Alleges 'Institutional Racism'

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NEW YORK ( -- The National Action Network, an African-American group that recently sued ad agencies and the federal govenment over fees, said today it will "take direct action" against Mediacom Communications, a national cable operator.

The group, which is led by the Rev. Al Sharpton, said it will hold a demonstration May 1 in New York where Mediacom executives will be meeting, a spokeman for the National Action Network said.

Network pickup
The Rev. Sharpton's group said it is angered that Mediacom, based in Middletown, N.Y., does not carry The Word Network, an African-American urban ministry and gospel music network based in Southfield, Mich. The network features gospel hours with the Rev. Sharpton and the Rev. Horace Sheffield III, president of the Michigan Chapter of the NAN. There also is a program called Rainbow Push with Jesse Jackson. The Word is carried by other cable operators, including Comcast and Adelphia.

Kimberly Peer, manager

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of affiliate relations at The Word, said that the network had been negotiating for a carry with Mediacom but she was unaware of the outcome of those discussions.

'Discriminatory nature'
"American satellite TV and cable broadcasters such as Mediacom are rife with institutional racism," the Rev. Sheffield said in a statement. "Most broadcasters are unaware of the discriminatory nature of their corporate culture. Bias has become a way of corporate life.

"Mediacom CEO Rocco Commisso has not returned calls nor communicated in a respectful manner," the Rev. Sheffield said. "That is why the National Action Network will be forced to commence direct action against Mediacom,"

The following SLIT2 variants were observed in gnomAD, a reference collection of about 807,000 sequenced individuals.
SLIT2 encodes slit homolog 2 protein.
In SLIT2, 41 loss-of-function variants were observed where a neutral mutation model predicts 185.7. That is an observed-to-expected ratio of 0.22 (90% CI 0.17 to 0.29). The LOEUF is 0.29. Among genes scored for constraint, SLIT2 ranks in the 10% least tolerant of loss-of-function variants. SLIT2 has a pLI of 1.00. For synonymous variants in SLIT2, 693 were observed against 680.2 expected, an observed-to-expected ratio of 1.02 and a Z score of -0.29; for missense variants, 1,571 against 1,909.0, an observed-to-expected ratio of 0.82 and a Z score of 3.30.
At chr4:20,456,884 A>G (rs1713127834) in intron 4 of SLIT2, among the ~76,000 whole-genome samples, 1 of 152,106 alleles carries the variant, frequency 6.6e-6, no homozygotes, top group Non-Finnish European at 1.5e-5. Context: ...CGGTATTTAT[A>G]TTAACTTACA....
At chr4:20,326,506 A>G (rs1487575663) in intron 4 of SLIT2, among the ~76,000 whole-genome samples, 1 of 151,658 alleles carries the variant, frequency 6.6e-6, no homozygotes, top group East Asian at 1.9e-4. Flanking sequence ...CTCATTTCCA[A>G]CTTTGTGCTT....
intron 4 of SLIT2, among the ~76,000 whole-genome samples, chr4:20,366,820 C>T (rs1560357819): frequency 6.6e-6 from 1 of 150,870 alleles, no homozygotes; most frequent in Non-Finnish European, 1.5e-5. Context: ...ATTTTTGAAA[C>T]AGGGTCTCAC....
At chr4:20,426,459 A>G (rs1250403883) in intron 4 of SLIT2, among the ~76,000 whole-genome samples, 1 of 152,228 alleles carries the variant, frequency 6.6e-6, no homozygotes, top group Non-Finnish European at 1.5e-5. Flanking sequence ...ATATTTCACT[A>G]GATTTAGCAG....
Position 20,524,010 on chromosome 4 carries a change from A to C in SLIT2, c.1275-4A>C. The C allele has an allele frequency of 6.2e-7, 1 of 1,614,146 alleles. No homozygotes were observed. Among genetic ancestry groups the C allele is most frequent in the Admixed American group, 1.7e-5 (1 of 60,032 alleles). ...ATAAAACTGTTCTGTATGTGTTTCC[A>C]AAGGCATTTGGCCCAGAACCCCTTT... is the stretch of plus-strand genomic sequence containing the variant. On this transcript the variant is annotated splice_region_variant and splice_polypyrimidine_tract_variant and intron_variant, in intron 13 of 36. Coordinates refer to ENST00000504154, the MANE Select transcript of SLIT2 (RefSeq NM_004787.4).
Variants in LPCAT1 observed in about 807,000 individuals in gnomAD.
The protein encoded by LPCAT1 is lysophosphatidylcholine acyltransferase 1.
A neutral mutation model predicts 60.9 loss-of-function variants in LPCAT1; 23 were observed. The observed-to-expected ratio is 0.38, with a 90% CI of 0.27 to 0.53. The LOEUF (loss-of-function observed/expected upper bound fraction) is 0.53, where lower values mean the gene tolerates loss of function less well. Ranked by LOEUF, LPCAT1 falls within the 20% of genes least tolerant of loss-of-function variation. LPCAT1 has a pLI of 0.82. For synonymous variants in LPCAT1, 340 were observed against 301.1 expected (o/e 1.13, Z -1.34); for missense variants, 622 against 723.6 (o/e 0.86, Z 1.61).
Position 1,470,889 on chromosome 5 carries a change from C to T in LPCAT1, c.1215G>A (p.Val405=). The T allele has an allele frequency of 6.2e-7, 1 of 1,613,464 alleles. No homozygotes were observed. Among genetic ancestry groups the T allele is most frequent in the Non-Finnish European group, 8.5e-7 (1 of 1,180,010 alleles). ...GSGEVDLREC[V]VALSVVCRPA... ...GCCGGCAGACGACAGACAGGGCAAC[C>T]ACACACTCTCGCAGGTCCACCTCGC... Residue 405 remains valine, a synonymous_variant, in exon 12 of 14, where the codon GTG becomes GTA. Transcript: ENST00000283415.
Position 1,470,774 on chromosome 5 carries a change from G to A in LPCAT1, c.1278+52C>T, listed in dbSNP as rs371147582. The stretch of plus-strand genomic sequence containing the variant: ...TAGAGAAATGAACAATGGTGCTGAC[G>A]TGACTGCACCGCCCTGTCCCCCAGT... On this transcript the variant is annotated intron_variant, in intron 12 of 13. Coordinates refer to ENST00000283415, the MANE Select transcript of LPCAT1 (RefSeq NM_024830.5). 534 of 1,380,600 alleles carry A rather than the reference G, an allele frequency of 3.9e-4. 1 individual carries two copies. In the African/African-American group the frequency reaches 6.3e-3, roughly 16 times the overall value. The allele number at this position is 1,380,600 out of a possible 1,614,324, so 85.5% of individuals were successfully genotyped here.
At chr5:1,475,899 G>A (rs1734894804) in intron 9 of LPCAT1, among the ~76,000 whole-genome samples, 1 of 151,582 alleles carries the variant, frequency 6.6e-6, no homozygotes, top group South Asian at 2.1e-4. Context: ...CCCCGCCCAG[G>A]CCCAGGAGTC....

Phone calls to Lewis Gibbs, vice president of operations at The Word, and to Mr. Commisso and Mark Stephan, Mediacom's chief financial officer, were not returned at press time.

Mediacom Communications is the eighth-largest cable television operator in the U.S., reaching approximately 2.6 million homes and serving approximately 1.6 million basic subscribers in 23 states.

"We try to avoid the protest syndrome when we can," said Sam Riddle, a consultant for the National Action Network. "If we can get it done with a phone call and a meeting, just as we did with Comcast in Philadelphia a week ago, there will be no need for demonstrations. What we are looking for are results, not melodrama and the TV cameras."

Positive black programming
The results of the Comcast meeting included the "immediate" cable carry of The Word, and that it will also work with NAN "on other aspects of what we call 'positive black programming,'" Mr. Riddle said.

The NAN protest in New York, however, hopes to reach beyond just the inclusion of one network. "What we are talking about here is the fact that the industry, satellite TV and cable broadcasting industry is lily white at the top decision making levels," he said.

Mr. Riddle said broadcasters need to have more diversity, in particular more African Americans at the "very top levels," to reflect the "full breadth of America."

On April 8, the Rev. Sharpton said he would file a class action lawsuit alleging the federal government and unnamed advertising agencies colluded to depress fees paid to minority-owned ad shops.

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